IAEA likely to block Iran atom aid at meeting
VIENNA, Nov 20: The UN nuclear watchdog is likely at a politically charged meeting this week to put on ice Iran's request for help with a heavy-water plant due to fears it could yield plutonium for atom bombs, diplomats say.
The International Atomic Energy Agency's 35-nation governing board urged Iran in February to ''reconsider'' the Arak reactor project. But Tehran vows to complete it and applied for IAEA technical expertise to ensure the plant meets safety standards.
Although IAEA approval of such requests is usually routine, Western board members say the Arak case must be rejected given Iran's record of evading IAEA non-proliferation inspections and its defiance of UN demands to stop enriching uranium.
But developing nations on the Vienna-based body oppose outright rejection as tantamount to setting a precedent for withholding technical aid to peaceful atomic energy programmes they are pursuing or may consider.
Diplomats said the most likely outcome was a compromise in which the board would defer a decision pending guidance from the UN Security Council, where world powers are mulling sanctions on Iran but are mired in disputes over how tough they should be.
''Deferral is the most likely and wise step here, to avoid alienating developing nations on the board, and in the hope the Security Council will take care of the issue. But the debate could still be ugly,'' said a senior IAEA diplomat.
The Arak case has symbolised the diplomatic crisis over the Islamic Republic's nuclear ambitions.
Tehran says they are limited to generating more electricity.
The United States and European Union fear Iran seeks bombs to threaten Israel and Western interests in the West Asia.
If uranium's fissile element is enriched to a low level, it can fuel power plants. Refined to 80 per cent or more, it becomes the explosive core of nuclear warheads. Plutonium, a byproduct of heavy-water production, is suitable only for bombs.
The 40-megawatt Arak complex is due for completion in 2009. Iran says it will produce isotopes for medical uses, replacing a five-megawatt light-water reactor that predates Iran's 1979 Islamic Revolution and is now said by Tehran to be obsolete. Western leaders say, citing what they call Iran's history of nuclear subterfuge, there is a high risk Tehran's underlying agenda with Arak is to yield weapons-grade plutonium.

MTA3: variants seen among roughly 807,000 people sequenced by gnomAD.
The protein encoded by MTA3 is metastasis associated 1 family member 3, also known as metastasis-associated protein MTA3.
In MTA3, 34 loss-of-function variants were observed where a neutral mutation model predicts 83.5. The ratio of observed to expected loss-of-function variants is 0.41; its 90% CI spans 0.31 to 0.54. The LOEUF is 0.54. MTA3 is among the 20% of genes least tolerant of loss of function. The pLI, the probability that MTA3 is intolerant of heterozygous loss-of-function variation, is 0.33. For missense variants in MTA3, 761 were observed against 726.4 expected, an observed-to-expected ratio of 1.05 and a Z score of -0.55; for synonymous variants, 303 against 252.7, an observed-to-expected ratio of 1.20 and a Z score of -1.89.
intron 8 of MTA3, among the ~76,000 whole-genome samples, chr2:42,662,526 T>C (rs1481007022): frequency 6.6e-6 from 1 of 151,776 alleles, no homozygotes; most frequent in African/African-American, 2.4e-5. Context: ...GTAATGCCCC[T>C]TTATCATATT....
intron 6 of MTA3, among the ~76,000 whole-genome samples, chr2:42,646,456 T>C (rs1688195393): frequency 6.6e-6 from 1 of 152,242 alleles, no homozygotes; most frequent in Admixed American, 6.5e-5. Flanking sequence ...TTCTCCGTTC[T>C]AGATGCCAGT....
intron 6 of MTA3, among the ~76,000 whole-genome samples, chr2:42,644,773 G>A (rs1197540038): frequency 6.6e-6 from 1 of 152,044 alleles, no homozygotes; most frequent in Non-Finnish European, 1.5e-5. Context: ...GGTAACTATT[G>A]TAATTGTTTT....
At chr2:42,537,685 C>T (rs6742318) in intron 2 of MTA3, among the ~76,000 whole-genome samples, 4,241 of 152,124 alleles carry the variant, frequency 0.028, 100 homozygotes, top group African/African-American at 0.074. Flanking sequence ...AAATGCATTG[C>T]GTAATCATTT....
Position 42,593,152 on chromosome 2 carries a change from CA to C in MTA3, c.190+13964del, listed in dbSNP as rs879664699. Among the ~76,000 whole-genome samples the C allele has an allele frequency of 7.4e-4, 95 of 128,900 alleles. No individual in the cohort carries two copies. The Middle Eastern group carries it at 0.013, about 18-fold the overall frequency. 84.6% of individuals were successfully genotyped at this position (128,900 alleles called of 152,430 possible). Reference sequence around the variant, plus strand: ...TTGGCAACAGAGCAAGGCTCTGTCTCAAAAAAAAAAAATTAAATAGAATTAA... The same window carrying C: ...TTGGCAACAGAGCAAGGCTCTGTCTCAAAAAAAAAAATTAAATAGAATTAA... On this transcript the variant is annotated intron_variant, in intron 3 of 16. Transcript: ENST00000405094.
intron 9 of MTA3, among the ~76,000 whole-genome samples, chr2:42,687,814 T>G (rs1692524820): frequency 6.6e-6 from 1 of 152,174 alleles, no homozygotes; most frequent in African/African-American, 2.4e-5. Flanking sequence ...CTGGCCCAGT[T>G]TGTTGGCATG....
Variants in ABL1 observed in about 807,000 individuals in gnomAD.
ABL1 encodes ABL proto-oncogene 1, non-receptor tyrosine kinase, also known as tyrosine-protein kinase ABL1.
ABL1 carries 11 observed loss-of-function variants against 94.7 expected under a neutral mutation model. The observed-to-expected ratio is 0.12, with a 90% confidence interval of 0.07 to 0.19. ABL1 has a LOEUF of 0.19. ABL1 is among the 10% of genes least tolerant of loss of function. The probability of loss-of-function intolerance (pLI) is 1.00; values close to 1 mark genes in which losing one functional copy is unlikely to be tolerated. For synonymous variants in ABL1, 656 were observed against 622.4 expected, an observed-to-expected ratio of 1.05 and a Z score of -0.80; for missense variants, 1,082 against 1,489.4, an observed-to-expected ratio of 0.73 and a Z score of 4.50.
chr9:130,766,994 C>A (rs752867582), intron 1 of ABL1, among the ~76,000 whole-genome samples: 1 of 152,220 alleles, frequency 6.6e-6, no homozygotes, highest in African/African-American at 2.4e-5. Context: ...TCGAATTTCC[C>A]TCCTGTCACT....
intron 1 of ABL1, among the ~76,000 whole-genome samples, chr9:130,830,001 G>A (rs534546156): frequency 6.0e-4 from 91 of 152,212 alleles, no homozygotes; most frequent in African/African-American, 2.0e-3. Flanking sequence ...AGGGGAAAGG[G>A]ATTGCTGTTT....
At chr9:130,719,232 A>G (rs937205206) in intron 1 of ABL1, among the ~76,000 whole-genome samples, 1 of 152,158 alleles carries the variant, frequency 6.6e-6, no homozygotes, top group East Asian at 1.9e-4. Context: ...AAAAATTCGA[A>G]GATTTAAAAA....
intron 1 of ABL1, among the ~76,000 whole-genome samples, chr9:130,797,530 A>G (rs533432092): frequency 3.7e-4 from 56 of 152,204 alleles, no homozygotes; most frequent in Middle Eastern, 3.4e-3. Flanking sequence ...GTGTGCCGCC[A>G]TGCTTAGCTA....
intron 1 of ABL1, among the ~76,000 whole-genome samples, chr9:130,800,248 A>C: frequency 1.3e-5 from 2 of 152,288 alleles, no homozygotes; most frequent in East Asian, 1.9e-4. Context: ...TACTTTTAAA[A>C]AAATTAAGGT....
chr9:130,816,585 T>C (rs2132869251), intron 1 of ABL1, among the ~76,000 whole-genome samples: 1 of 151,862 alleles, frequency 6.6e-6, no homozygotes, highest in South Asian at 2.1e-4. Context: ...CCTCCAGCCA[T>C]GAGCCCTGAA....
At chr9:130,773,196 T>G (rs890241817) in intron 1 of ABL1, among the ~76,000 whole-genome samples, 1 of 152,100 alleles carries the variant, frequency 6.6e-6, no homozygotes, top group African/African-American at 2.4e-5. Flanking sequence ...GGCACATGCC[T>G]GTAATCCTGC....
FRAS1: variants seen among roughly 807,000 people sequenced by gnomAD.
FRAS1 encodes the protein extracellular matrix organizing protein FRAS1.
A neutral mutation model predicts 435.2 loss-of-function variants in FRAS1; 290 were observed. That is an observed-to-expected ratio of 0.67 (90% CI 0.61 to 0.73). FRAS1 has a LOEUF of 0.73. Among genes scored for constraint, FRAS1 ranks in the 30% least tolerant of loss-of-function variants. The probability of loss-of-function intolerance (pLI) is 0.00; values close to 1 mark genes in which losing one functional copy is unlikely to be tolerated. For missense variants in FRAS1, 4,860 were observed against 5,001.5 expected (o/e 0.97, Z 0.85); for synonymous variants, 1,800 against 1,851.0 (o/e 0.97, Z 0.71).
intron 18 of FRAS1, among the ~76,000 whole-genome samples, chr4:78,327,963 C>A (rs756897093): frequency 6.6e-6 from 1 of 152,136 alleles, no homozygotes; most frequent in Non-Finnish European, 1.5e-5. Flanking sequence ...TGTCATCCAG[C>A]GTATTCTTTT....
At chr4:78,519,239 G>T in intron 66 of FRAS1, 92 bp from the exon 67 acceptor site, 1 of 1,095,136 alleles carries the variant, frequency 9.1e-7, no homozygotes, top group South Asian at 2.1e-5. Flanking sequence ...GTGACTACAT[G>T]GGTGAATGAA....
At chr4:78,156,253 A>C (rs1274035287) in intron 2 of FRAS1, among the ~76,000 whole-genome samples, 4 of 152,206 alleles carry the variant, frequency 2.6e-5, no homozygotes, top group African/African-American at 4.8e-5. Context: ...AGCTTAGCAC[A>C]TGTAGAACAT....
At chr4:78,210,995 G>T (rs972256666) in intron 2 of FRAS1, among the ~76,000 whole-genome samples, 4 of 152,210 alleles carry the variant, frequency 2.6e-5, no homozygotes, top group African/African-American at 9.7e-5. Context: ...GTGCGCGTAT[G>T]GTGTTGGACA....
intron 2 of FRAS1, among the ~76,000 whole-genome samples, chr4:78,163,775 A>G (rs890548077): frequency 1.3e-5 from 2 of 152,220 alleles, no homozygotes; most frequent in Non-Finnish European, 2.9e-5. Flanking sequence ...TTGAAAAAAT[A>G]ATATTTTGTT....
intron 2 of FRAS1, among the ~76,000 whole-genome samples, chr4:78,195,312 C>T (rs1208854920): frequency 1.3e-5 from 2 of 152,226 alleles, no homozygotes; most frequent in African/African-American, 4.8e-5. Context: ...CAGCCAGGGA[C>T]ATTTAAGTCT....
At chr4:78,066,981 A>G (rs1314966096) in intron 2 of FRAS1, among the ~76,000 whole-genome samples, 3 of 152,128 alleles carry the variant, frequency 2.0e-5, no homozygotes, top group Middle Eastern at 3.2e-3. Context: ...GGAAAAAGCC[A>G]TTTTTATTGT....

''Given ... the widespread mistrust of Iran's nuclear programme, and the risk of plutonium being diverted for use in a weapon, the United States and other board members cannot agree to have the IAEA assist the project at Arak,'' Gregory Schulte, US envoy to the IAEA, said in a speech last week in Vienna.
Iran says the reactor will be built whether IAEA safety aid is granted or not -- one of 820 proposals from 115 nations to be considered by a board committee Monday through Wednesday and ratified at a full board meeting set for Thursday and Friday.
Backed by some fellow members of the Non-Aligned Movement (NAM) developing nations, Iranian IAEA envoy Aliasghar Soltanieh has accused the West of politicising a technical aid process ''that should be impartial and professional''.
He warned board delegates at an informal meeting last week ''not to give a negative impression'' to Iran's parliament which has drafted a bill to curb IAEA inspections if Tehran faces sanctions, a diplomat at the gathering said.
Soltanieh told Reuters that the international community had an overriding interest in ensuring safety at nuclear sites.
IAEA diplomats said legal experts in the agency Secretariat had judged the Arak request legitimate as it did not involve enrichment-related or fuel-reprocessing activities the Security Council ordered to be suspended.
''If developed nations are going to start micromanaging technical aid for developing nations, that is very serious and cause for anger,'' said a West Asian diplomat in the NAM.
But diplomats on both sides agreed aid for Arak would fail to win a majority if put to a rare board vote. Most members would accept a pre-negotiated consensus for deferral, they said.